Lyons housing review shines light on UK housing shortage and the need for action

Peter Campbell

By 2021 the UK will have a housing gap of £185bn, the equivalent to 886,000 households, or a city twice the size of Birmingham, explains ACE policy manager Peter Campbell.

The Lyons Review on Housing published yesterday is a welcome addition to the debate, and rightly recognises the need to build more, faster. Some 243,000 houses will need to be built per annum if the UK is to meet the growing demand, a figure close to that identified by the Association for Consultancy and Engineering in its report The Housing Gap. If left unchecked, this gap will hit 886,000 by 2020, or a city twice the size of Birmingham!

A number of ACE’s recommendations, such as putting local housing plans on a statutory footing and empowering local authorities to use the uplift in property values generated through development were included in the final document.

"Several crucial areas of the review are lacking in the necessary detail that would ensure clarity about how they would function"

These will go some way to ensuring delivery takes place and that a key objection from local communities where development is proposed can be overcome. There are a number of areas, however, in which Sir Michael could, and should, have gone further.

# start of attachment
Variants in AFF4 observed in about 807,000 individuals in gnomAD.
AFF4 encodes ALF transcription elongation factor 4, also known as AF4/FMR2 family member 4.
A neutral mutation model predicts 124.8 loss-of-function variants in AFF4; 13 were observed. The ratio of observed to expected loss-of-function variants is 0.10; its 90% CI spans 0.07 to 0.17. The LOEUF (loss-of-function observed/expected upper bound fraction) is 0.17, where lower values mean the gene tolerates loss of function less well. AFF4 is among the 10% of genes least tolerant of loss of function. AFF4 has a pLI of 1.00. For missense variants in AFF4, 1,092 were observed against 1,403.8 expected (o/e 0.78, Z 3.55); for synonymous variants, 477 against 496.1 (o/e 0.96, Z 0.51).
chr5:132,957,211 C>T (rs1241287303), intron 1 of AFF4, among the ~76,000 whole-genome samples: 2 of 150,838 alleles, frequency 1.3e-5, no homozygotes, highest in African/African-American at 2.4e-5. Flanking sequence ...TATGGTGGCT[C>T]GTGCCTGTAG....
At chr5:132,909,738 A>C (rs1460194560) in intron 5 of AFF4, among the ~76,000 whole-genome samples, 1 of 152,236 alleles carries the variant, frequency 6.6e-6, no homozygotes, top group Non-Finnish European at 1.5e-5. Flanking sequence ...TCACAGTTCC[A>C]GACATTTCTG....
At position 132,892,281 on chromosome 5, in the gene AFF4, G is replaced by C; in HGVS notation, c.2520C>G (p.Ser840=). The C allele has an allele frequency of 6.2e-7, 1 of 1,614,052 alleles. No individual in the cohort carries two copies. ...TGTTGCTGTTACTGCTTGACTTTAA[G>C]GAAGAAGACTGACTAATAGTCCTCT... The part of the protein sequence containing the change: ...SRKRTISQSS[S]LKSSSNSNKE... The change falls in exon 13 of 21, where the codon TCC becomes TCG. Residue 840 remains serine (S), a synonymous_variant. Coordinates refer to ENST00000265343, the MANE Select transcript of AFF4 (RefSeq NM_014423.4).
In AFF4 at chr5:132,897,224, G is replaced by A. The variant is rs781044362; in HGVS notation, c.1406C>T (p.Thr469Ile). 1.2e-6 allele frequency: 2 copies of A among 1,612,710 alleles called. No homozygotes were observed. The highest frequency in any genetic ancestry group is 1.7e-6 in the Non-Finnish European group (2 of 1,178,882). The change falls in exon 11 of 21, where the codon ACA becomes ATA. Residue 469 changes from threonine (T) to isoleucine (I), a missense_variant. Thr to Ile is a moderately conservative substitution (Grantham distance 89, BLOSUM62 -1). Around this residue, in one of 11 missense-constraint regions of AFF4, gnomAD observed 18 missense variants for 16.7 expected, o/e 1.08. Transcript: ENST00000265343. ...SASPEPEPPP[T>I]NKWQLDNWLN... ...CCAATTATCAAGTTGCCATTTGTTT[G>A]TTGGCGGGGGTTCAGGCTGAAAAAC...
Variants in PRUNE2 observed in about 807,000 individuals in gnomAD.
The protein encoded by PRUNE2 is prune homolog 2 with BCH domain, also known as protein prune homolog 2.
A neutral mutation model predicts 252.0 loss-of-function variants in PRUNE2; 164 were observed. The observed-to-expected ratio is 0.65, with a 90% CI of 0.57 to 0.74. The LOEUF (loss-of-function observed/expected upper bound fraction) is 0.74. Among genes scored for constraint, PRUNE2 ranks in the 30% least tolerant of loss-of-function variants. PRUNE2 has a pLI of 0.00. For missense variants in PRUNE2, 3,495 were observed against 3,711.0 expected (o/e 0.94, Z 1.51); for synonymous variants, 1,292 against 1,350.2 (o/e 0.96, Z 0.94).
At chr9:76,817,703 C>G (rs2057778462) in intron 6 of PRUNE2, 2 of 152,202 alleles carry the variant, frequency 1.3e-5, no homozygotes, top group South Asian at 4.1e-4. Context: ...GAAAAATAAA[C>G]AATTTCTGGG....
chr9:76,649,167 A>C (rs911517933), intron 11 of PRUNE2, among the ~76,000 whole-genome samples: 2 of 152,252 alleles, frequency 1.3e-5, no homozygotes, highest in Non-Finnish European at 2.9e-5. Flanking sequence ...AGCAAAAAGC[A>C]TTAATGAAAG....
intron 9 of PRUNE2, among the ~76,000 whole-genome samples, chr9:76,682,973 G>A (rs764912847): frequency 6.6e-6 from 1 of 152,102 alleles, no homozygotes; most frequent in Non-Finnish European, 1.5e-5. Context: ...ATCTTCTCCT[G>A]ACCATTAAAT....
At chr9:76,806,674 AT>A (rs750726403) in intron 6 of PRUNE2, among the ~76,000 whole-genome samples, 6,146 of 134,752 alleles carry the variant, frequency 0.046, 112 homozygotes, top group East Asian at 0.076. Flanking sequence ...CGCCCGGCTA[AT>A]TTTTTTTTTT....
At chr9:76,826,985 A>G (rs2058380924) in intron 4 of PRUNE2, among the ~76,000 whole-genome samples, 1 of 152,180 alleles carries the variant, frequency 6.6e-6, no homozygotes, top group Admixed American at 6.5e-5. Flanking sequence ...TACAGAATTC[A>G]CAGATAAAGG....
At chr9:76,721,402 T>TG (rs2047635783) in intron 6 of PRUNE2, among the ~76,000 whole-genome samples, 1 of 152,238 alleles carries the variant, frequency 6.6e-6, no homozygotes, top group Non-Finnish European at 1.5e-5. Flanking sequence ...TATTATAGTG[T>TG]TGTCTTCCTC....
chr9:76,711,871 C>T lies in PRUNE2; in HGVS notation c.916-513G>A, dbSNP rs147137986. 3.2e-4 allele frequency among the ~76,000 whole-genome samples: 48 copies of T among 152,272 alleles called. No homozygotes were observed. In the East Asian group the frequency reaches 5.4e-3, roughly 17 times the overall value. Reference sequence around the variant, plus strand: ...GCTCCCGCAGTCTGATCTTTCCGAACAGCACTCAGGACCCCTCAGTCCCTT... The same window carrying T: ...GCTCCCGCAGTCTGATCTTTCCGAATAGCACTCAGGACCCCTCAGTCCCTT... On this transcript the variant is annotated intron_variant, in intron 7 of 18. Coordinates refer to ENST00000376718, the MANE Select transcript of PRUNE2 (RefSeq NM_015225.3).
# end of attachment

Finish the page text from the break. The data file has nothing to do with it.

Several crucial areas of the review are lacking in the necessary detail that would ensure clarity about how they would function. This includes the recommendations regarding how the uplift mechanism will work in practice, as well as what kind of reforms the Community Infrastructure Levy will undergo should Labour take office in May next year.

The real risk here is that the measures, which are designed to free up the release of land and reduce uncertainty by calming the opposition to new developments, will actually increase uncertainty as industry lacks the information it needs to prepare for changes to the system. Ultimately, this could have the exact opposite effect on the numbers of houses built and see reductions as developers hold off on delivery until clarity is forthcoming.

As far as the uplift mechanism works, ACE has proposed a potential solution in the follow-up to its Housing Gap paper, Revolutionising Housing that will enable local authorities to capture the increase in value and use it to fund infrastructure development concurrently with new housing.

Through an early agreement with the landowner to sell for a share of the uplift and intelligent use of data that shows how land values increase with development, local authorities could leverage financing for the improvement transport and utilities connections.

ACE will continue to work with all the political parties on their proposals to help meet the housing gap in the coming months and beyond the 2015 General Election. In the end, this engagement is what will ensure we have the best chance of building the homes we need.